Southern Copper's Tia Maria Project: Social License And The Copper Market

Southern Copper's Tia Maria Project: Social License and the Copper MarketProblems at Southern Copper's (NYSE:SCCO) Tia Maria project reached new heights on Friday when Peru declared a state of emergency due to violent protests at the operation.

The government has put the state of Arequipa under martial law for the next two months. That means police officers can break up meetings and marches and may enter houses without search warrants, The Wall Street Journal reported. Protests have been going on since late March.

"In line with what is established in the constitution and the decree declaring a state of emergency, the national police with the backing of the armed forces will be charged with maintaining public order," the news outlet quotes Prime Minister Pedro Cateriano as saying.

So far, one policeman and three protestors have died as a result of violence in the region. Development at the $1.4-billion Tia Maria project was temporarily put on hold on May 15, according to Reuters. The project has been stalled since 2011.

Social license

For investors, the situation highlights how keeping an eye on a company's efforts to obtain social license is key. Any major issues on that front could spell trouble for the development of a project.

So far, Peru's government doesn't appear to have explicitly opposed Tia Maria, though it sent in approximately 4,000 police offers and 1,000 soldiers in response to this month's demonstrations. Reuters notes that the country's president has said Southern Copper could sue Peru if the project gets axed.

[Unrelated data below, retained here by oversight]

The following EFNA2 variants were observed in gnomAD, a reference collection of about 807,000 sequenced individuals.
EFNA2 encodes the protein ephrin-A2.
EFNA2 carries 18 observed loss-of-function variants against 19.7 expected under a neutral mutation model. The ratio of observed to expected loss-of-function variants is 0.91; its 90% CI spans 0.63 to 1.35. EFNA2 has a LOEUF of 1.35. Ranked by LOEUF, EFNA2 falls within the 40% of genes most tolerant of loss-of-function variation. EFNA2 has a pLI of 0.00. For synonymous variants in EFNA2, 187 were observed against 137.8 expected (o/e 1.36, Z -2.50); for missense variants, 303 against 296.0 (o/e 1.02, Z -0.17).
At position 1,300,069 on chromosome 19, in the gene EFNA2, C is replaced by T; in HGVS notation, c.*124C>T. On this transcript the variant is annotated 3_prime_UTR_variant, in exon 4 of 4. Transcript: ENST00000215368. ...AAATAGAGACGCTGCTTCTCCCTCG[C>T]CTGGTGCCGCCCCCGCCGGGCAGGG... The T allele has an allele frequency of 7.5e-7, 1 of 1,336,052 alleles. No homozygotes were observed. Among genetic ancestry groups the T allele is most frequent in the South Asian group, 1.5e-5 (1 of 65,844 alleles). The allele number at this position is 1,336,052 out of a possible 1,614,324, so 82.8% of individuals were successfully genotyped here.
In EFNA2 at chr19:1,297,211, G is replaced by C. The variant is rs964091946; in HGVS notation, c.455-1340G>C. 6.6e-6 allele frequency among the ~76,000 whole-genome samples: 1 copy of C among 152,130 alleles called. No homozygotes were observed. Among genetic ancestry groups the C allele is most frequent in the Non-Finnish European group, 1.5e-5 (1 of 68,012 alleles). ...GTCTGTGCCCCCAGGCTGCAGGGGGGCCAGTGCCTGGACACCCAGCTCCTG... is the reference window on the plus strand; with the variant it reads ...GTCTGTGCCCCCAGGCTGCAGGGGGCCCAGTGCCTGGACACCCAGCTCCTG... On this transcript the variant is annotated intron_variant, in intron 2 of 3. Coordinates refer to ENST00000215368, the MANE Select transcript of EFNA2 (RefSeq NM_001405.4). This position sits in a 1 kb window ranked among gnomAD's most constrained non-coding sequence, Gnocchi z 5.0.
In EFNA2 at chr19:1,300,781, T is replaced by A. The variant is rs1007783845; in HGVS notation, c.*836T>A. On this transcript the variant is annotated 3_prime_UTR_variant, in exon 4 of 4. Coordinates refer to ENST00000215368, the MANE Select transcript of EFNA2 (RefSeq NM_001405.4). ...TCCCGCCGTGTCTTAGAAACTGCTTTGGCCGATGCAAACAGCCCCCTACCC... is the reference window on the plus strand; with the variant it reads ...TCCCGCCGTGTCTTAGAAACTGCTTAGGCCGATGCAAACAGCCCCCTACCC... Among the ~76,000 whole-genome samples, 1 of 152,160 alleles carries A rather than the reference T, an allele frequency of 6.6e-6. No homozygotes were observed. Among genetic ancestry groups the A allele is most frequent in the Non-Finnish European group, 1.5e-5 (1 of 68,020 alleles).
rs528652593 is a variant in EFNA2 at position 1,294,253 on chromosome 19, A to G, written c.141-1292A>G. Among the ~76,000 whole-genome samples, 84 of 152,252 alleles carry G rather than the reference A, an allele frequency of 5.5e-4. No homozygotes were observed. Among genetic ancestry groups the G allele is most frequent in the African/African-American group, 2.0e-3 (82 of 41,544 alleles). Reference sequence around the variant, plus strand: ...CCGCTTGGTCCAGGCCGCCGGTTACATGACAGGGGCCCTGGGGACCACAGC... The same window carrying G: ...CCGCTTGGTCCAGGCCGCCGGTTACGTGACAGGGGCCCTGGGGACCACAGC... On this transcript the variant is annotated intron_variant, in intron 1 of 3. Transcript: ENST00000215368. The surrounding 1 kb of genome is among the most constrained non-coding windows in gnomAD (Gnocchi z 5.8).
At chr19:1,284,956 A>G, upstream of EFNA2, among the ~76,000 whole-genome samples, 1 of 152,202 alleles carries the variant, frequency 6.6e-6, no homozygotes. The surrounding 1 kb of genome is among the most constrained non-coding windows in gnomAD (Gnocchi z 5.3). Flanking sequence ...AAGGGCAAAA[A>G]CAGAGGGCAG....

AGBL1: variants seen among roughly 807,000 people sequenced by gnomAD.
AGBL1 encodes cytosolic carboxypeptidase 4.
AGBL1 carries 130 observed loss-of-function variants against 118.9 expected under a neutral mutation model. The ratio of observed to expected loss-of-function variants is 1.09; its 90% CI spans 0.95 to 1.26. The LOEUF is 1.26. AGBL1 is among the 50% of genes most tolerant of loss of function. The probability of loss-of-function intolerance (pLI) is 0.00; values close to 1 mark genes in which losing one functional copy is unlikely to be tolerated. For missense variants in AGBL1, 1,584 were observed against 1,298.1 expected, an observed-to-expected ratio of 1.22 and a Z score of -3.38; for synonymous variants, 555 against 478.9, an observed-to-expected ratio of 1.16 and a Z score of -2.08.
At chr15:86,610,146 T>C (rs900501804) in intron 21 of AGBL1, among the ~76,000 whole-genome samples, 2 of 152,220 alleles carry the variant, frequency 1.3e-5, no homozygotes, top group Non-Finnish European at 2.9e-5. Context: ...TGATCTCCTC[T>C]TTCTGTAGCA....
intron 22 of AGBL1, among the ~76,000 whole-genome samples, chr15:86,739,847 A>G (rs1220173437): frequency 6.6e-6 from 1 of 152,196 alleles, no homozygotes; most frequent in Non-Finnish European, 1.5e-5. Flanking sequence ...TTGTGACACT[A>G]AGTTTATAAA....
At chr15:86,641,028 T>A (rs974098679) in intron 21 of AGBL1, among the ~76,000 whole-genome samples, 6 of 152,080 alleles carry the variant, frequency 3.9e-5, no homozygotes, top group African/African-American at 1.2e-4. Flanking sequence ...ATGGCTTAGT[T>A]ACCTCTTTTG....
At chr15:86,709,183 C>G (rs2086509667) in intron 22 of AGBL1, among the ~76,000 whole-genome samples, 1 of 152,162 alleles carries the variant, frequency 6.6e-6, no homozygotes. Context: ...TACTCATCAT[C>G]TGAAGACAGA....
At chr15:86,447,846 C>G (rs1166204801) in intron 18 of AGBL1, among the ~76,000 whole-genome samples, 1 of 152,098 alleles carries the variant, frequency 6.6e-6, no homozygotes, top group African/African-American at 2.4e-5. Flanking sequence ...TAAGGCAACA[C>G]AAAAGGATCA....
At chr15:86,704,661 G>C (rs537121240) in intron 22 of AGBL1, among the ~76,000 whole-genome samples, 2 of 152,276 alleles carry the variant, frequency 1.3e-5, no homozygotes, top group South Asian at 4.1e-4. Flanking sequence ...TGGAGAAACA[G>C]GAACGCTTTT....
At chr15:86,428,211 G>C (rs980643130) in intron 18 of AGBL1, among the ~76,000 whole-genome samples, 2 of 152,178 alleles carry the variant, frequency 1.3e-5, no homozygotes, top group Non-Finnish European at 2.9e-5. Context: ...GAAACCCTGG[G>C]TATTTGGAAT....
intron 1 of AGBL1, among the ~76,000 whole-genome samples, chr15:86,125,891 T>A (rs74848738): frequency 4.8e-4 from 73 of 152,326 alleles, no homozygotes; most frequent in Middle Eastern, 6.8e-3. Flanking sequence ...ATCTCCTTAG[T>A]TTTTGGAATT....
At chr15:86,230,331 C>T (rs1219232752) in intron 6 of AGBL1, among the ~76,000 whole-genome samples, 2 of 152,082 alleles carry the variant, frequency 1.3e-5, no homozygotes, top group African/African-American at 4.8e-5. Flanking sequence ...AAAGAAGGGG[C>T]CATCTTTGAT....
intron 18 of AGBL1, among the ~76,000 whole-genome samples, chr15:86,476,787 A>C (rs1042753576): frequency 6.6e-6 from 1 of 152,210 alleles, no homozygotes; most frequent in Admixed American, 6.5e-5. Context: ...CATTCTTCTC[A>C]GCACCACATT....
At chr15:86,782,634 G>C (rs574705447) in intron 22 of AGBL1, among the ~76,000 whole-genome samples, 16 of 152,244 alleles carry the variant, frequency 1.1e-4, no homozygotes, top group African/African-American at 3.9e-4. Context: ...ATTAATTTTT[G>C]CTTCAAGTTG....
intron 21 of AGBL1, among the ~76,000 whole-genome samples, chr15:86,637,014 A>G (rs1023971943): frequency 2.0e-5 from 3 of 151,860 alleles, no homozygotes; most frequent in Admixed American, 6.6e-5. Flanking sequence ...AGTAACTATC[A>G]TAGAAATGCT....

Still, locals continue to protest the operation due to concerns about how could affect their water and agricultural land. The public's negative perception of the company may stem from the fact that Grupo Mexico (OTCMKTS:GMBXF), which owns Southern Copper, has had issues with the environment before — a toxic leak at that company's Buenavista copper mine turned Mexican rivers orange last summer.

An article from Mining Global argues that much of the unrest could have been avoided with more engagement between Southern Copper and local communities. The piece points to comments from Peru's deputy ombudsman, Rolando Luque, who told The Wall Street Journal that moving a project forward is about more than just paperwork.

"Instead of relying on legal procedures, the company should have focused on the sociological, the economic, psychological and historical issues," he said. Certainly, communication with all key stakeholders for a project is key to obtaining social license.

Supply issues and the copper market

There have been a number of supply issues in the copper space this year, and the protests at Tia Maria have contributed to that narrative.

So far in 2015, BHP Billiton (NYSE:BHP,ASX:BHP,LSE:BLT) has cut production forecasts for its Olympic Dam mine in Australia due to an electrical failure, while Freeport-McMoRan (NYSE:FCX) temporarily halted production at its Grasberg mine in March due to a road block near the property. Furthermore, top copper producer Chile lowered its production forecast for the year following devastating floods that caused a halt in production for several miners.

Tia Maria isn't set to come online this year, but is expected to put out 120,000 tonnes of copper cathode annually when it's completed in 2017. That's right when many analysts say that the copper market will shift into deficit.

Certainly, investors will be keeping an eye out for more news from Southern Copper, and on other companies that could come online with copper projects in the medium term.


Securities Disclosure: I, Teresa Matich, hold no direct investment interest in any company mentioned in this article.

Related reading:

What is Social License?

Toxic Spill at Grupo Mexico Mine Turns Rivers Orange

Southern Copper's Tia Maria Project: Social License and the Copper Market from Copper Investing News